Third Base Outcomes in Reader Mock Draft

As you well know by now, some dutiful readers of RotoGraphs took it upon themselves to virtually duke it out in an online mock draft, putting to test what we have repeatedly analyzed in the past several weeks — that is, just exactly where should we expect some of our favorite players to be taken?

There is of course a great deal of risk in relying solely on one source for your average draft positions, and while the draft was conducted in Mock Draft Central, having some well informed individuals making the selections instead of what could be third graders and well trained monkeys for all we know, provides us with a nice window for analysis.

For today, third base will be under the microscope.

The results:

Num MDC ADP RG Reader Difference
1 Jose Bautista 4 3 1
2 Evan Longoria 12 8 4
3 Adrian Beltre 31 25 6
4 David Wright 33 36 -3
5 Brett Lawrie 53 38 15
6 Ryan Zimmerman 40 39 1
7 Pablo Sandoval 67 53 14
8 Alex Rodriguez 59 55 4
9 Kevin Youkilis 83 64 19
10 Aramis Ramirez 68 69 -1
11 Michael Young 70 93 -23
12 Mark Reynolds 116 98 18
13 Emilio Bonifacio 170 123 47
14 Mike Moustakas 220 175 45
15 David Freese 159 191 -32
16 Martin Prado 191 196 -5
17 Edwin Encarnacion 284 221 63
18 Ryan Roberts 197 222 -25
19 Jed Lowrie 318 231 87
20 Mike Aviles 270 279 -9
21 Pedro Alvarez 300 281 19
22 Mat Gamel 285 302 -17
23 Chipper Jones 240 305 -65
24 Daniel Murphy 298 313 -15
25 Brent Morel 401 317 84
26 Chase Headley 258 318 -60
27 Lonnie Chisenhall 364 319 45
28 Casey McGehee 349 364 -15

The first four picks aren’t terribly surprising, but you can see that if you want Brett Lawrie badly enough, you better be willing to pay for it as he was plucked early in the fourth round, which is about a full round ahead of where he was projecting. If you’re snake drafting and you’re slotted with something like the 7th overall pick or lower, you’re going to have to reach as Lucky Strikes did if you want Lawrie’s services. I’m not saying it’s good or bad – just be prepared – because there’s nothing worse than crying over spilled Brett Lawrie.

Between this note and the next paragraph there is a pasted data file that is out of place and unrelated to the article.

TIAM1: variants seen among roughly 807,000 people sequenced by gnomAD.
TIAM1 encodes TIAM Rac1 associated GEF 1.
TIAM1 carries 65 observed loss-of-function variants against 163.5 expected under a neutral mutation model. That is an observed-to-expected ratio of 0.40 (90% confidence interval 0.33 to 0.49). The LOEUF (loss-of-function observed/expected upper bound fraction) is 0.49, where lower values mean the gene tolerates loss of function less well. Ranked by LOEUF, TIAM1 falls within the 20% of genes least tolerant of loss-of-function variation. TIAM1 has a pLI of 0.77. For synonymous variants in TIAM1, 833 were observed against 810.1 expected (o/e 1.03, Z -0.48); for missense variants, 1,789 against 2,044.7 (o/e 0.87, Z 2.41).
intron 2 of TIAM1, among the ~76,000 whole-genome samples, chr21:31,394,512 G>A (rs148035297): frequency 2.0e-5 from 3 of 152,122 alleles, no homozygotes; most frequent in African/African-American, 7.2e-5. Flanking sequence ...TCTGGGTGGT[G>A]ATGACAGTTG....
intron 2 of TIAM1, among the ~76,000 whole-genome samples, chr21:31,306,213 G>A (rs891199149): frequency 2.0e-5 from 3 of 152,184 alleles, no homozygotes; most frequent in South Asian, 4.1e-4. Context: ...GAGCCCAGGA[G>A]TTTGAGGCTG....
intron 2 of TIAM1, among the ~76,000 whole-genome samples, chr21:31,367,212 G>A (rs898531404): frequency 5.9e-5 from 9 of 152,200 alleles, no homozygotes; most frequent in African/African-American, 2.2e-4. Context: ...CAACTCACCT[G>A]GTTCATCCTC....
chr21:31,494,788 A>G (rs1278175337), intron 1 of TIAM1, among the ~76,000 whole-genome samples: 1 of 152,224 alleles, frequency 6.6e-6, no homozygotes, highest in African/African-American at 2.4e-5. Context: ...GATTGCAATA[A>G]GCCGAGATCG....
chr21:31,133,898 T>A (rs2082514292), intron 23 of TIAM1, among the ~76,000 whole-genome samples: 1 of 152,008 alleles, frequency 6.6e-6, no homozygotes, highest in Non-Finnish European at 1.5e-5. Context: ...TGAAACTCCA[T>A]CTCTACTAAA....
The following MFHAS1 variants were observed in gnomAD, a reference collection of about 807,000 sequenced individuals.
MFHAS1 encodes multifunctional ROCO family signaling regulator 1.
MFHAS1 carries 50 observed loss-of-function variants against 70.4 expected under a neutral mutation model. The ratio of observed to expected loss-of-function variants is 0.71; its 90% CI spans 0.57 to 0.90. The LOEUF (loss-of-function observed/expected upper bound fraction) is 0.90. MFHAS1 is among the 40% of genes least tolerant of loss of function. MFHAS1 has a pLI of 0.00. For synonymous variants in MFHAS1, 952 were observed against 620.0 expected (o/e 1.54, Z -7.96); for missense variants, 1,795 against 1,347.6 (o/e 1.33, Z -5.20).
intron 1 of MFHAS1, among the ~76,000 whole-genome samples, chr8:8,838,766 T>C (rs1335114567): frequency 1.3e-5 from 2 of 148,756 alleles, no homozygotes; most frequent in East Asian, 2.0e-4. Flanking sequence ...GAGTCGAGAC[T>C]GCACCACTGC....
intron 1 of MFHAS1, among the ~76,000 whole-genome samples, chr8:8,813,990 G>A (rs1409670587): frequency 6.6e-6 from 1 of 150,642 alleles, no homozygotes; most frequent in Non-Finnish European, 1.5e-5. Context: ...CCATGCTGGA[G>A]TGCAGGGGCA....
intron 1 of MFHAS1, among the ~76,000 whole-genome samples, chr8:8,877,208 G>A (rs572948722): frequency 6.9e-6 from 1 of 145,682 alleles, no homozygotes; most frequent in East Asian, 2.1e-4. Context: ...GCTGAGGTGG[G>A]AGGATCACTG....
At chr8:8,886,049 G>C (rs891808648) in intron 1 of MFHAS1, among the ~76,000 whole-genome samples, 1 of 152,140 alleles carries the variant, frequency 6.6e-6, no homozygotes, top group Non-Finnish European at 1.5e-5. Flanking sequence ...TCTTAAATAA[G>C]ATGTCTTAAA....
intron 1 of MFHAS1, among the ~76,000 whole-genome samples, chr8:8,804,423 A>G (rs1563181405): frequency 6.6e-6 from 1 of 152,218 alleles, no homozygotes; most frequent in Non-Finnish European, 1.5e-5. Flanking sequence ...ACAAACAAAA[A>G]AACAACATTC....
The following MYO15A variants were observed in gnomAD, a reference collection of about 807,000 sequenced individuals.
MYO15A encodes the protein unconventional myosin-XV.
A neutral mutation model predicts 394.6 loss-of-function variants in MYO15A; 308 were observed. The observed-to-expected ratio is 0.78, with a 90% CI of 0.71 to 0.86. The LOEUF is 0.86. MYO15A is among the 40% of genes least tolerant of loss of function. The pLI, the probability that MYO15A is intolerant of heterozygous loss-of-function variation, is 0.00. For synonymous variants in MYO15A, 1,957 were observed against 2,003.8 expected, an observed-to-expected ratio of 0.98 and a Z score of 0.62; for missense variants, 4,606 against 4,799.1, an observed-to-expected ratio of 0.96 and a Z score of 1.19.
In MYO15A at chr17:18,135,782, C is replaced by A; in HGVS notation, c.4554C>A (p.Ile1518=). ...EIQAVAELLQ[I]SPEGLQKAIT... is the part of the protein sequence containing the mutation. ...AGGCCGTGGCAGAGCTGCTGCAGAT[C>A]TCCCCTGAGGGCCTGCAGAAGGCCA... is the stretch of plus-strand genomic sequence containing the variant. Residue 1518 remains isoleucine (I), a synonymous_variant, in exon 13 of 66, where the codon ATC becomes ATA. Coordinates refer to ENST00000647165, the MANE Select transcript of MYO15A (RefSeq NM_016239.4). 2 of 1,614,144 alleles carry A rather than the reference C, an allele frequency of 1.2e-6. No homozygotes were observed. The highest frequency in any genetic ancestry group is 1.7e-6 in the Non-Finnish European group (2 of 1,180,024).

Pablo Sandoval also came off the board about a round early, and it’s an interesting pick. Of course, if you’re bullish on the Panda, great – pay for him and pray you don’t see love handles flapping like the jowls of an English Bulldog chasing a ham hock by mid-season. I really don’t have a problem seeing Sandoval go 53rd overall one bit. But objectively – Alex Rodriguez, Aramis Ramirez, and Kevin Youkilis are all still on the board at that point, which creates a bit of an opportunity and a dilemma.

Unless you’re averse to the old men (which is fine) or you’re totally convinced Sandoval is going to significantly outproduce all three (which is fine too), you could throw caution to the proverbial wind, take a guy like Dan Haren (who went next) who was clearly the best starter on the board, and just hope you get one of those four guys with your next pick. Not criticizing the pick, just highlighting what goes through my head during the draft.